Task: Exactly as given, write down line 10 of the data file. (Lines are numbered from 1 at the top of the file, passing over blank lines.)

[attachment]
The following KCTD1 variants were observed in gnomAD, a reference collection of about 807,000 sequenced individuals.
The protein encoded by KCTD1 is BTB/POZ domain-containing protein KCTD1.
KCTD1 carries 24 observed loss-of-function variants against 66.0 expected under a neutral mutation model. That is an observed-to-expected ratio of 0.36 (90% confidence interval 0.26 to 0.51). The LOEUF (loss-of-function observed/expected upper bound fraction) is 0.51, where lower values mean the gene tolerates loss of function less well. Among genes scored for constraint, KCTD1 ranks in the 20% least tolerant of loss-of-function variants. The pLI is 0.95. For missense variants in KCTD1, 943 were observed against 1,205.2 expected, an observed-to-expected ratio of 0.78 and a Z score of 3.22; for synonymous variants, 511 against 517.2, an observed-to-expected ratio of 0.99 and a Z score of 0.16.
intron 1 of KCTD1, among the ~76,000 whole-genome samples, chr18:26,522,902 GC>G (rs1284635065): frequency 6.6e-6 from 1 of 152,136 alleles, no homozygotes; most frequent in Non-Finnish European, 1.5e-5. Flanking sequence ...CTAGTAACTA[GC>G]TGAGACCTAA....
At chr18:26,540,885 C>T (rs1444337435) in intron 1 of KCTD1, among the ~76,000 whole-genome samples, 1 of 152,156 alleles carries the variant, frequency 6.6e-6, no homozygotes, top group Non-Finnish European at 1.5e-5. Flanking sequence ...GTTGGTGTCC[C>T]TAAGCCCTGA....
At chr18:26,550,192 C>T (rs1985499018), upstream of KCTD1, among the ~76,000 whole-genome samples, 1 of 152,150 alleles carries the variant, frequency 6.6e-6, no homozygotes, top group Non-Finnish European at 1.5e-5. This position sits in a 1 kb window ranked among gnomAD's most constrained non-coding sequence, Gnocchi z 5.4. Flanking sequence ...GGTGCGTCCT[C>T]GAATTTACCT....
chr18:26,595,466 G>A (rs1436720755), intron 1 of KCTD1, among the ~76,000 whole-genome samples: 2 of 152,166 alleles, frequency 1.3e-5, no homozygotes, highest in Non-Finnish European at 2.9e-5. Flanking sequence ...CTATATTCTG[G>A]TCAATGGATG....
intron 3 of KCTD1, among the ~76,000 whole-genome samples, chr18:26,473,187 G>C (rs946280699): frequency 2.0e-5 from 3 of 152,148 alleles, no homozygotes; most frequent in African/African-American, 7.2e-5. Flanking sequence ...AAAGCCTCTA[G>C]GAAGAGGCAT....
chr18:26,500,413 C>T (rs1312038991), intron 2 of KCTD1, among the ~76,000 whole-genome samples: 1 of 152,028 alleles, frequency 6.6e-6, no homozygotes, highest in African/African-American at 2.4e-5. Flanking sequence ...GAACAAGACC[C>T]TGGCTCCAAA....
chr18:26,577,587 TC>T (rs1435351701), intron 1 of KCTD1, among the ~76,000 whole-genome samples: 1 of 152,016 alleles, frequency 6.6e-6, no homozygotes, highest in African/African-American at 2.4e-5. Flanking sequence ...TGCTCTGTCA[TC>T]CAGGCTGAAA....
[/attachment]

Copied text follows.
chr18:26,577,587 TC>T (rs1435351701), intron 1 of KCTD1, among the ~76,000 whole-genome samples: 1 of 152,016 alleles, frequency 6.6e-6, no homozygotes, highest in African/African-American at 2.4e-5. Flanking sequence ...TGCTCTGTCA[TC>T]CAGGCTGAAA....